Similarly, section 1197.1 provides for a civil penalty of one hundred dollars ($100) for an employer's initial violation of minimum wage requirements and two hundred and fifty dollars ($250) for each subsequent violation, “in addition to an amount sufficient to recover underpaid wages.” (emphasis added).  As in section 558, wages recovered under 1197.1 are to be paid to the affected employee, along with liquidated damages and additional statutory penalties under section 203 of the Labor Code.  According to the court, however, additional language and punctuation in section 1197.1 more clearly delineates that underpaid wages are to be paid in addition to, and not included within, the civil penalties authorized in that section. 

The court further analyzed section 558 in conjunction with section 1197.1's procedural requirements.  Pursuant to section 1197.1, employers who contest citations issued for minimum wage violations must post a bond “equal to the total amount of any minimum wages, liquidated damages, and overtime compensation that are due and owing as determined pursuant to subdivision (b) of section 558.”  Section 1197.1 further provides that such bond requirement does not include amounts for penalties.  Subdivision (b) of section 558 authorizes the Labor Commissioner to issue a citation when it is determined that “a person had paid or caused to be paid a wage for overtime work in violation” of the law. 

The court interpreted these provisions, read together, to further support the conclusion that unpaid wages in section 558 are compensatory relief, rather than a civil penalty.  The court reasoned that a citation issued under section 558 must include some amount intended to compensate for a withheld overtime wages—compensatory relief similar to minimum wages and liquidated damages under section 1197.1.  Assuming the Legislature intended “wages” to have the same meaning throughout section 558, the court found that “an amount sufficient to recover unpaid wages” referred to section 558, subsection (a) is the same compensatory relief included in the citation that may be issued under section 558, subsection (b).  Finally, the court found significant the provision in section 1197.1 providing that the bond requirement—including overtime compensation due and owing under section 558 subsection (b)—does not include amounts for penalties.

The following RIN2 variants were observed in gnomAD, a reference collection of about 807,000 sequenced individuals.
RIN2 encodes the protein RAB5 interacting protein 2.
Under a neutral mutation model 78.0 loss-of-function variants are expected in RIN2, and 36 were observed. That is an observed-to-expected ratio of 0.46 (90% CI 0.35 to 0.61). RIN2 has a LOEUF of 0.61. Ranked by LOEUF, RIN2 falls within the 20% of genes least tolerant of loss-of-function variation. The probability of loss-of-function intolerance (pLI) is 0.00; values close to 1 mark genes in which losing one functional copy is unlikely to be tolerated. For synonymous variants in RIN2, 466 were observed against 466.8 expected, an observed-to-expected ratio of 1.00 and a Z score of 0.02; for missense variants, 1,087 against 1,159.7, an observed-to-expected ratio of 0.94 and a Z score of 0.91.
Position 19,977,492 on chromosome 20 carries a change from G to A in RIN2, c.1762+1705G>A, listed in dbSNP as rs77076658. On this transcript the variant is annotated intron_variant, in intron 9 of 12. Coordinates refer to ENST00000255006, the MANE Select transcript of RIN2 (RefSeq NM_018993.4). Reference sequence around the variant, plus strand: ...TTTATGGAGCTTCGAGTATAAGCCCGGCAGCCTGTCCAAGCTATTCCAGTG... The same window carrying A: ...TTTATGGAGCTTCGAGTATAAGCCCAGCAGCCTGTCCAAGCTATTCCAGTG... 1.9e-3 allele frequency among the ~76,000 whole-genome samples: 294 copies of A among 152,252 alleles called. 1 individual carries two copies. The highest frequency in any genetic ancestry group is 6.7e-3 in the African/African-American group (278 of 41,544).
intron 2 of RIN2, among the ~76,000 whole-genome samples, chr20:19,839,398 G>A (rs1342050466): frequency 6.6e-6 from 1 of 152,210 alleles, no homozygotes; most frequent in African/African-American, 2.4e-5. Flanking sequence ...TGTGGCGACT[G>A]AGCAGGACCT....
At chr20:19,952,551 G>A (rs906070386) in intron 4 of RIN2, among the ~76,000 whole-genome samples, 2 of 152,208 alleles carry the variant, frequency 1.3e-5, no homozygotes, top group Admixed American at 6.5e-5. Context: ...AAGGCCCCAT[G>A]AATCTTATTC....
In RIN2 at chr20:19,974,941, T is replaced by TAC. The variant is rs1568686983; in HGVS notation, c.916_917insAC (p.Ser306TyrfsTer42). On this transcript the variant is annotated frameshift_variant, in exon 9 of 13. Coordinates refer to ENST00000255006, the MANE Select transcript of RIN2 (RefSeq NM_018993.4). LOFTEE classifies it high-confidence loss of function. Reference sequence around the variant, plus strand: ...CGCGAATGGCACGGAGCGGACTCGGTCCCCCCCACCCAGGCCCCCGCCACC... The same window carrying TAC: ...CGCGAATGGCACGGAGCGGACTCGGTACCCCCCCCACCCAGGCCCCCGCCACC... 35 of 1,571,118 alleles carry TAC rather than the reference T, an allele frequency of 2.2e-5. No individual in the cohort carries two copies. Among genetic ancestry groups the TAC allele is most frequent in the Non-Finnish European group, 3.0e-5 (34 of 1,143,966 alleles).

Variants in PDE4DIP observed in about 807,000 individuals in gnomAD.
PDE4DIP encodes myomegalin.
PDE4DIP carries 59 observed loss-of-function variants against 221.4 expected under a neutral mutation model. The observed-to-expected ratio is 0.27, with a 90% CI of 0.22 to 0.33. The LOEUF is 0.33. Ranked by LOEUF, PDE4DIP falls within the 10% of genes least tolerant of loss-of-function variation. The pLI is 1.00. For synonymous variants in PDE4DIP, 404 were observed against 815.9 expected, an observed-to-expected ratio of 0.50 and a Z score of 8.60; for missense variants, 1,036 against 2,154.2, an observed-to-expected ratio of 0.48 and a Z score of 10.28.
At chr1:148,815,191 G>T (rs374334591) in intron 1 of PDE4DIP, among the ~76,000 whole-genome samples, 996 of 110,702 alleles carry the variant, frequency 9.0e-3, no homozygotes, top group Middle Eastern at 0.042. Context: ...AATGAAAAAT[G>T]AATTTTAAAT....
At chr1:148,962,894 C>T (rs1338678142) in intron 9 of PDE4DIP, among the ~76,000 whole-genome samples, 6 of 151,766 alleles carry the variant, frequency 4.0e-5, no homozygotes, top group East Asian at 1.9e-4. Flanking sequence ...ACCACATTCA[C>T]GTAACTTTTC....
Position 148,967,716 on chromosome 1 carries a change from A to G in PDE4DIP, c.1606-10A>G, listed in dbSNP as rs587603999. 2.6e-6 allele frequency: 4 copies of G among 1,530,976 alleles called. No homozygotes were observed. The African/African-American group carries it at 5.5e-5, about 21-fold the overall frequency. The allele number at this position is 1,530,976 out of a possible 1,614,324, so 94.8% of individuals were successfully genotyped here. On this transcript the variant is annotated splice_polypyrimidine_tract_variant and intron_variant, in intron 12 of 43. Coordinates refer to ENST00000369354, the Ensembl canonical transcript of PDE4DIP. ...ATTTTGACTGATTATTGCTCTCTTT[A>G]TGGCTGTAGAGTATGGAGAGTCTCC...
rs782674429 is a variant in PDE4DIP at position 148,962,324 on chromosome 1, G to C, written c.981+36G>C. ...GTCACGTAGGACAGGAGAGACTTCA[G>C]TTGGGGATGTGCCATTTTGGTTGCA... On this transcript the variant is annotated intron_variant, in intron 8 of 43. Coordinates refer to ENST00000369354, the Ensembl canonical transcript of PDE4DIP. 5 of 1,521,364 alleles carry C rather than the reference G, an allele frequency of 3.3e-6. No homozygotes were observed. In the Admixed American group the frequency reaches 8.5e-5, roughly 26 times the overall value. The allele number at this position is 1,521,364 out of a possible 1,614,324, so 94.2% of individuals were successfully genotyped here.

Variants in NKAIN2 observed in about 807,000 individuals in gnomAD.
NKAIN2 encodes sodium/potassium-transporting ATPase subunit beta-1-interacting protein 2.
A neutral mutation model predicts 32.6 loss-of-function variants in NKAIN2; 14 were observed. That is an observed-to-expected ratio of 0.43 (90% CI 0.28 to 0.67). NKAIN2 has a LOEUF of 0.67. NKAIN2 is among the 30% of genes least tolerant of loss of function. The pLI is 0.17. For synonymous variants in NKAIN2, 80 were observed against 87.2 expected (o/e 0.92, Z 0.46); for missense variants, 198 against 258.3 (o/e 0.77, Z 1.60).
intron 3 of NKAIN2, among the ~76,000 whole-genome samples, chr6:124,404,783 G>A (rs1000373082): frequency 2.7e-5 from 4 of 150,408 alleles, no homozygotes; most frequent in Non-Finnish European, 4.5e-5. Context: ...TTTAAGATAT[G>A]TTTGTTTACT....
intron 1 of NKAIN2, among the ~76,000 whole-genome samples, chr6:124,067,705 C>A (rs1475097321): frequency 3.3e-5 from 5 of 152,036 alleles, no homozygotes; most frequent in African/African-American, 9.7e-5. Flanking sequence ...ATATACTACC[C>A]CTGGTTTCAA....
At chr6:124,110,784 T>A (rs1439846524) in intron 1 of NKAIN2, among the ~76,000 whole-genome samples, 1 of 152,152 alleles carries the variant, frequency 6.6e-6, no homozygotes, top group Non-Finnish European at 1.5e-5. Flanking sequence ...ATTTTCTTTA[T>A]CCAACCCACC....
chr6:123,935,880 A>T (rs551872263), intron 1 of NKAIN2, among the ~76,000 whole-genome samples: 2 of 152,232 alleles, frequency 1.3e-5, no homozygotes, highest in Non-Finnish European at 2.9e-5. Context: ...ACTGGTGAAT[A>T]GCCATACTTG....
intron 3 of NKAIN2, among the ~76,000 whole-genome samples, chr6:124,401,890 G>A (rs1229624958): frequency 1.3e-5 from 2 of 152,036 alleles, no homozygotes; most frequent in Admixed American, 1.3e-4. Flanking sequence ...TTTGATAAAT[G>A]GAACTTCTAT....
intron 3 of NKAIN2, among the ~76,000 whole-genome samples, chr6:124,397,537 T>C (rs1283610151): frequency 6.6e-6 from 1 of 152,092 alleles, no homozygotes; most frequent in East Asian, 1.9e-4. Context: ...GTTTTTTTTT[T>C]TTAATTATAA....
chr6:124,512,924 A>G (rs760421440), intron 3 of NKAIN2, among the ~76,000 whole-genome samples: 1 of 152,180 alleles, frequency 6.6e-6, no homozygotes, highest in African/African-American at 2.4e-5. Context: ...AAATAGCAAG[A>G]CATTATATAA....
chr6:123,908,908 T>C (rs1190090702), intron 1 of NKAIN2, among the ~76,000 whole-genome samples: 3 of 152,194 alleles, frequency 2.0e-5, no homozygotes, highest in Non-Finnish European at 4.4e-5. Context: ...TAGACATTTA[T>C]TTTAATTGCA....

According to the court, a consistent reading of sections 558 and 1197.1 supports the conclusion that unpaid wages under section 558 are not civil penalties recoverable by an employee in a PAGA action.  The court reasoned that the similarities between section 558 and 1197.1 indicate the Legislature's intent was the same—to assess a civil penalty against an employer who violates these provisions, in addition to compensating the employee for actual losses incurred in the form of underpaid wages.

In further support of its conclusion that unpaid wages are intended to compensate, the court noted that one hundred percent of unpaid wages are to be paid to the employee, while only twenty-five percent of penalties recovered under PAGA are payable to the employee.  Finally, the court noted that the majority of civil penalties in the Labor Code are fixed amounts—fifty dollars for an initial violation of section 558 versus “an amount sufficient to recover underpaid wages.”

Because the plaintiff may not recover unpaid wages under section 558 through a PAGA action, the court affirmed the Court of Appeal's denial of ZB's motion to compel arbitration.  The court remanded the case to the trial court to determine whether to strike the plaintiff's claim for unpaid wages or allow the plaintiff leave to amend.

Significance of the Court's Decision

The court's decision closes the door on plaintiffs' attempt to avoid arbitration by filing PAGA-only actions, while at the same time attempting to recover unpaid wages.  Now employees must recover unpaid wages through an individual action, class action, or an administrative filing with the Labor Commissioner.  Employers seeking to resolve such claims via arbitration should ensure their arbitration agreements are enforceable and specifically address individual, class, and administrative claims.

Additionally, the court's decision underscores the potential significance to employers of allowing employees to file a separate claim for unpaid wages, in addition to a PAGA-only action.  As the court notes, any employee—including non-parties to the original PAGA-action— may use a favorable ruling in a PAGA-only action as evidence of an employer's violation of labor laws in a subsequent action to recover unpaid wages.

About the Author

Timothy B. Del Castillo

Tim practices employment law in California and represents both employees and employers in federal and state courts, administrative hearings, arbitrations, mediations, and in direct negotiations. Tim also offers advice and counsel and training to businesses to help them achieve compliance with California employment laws.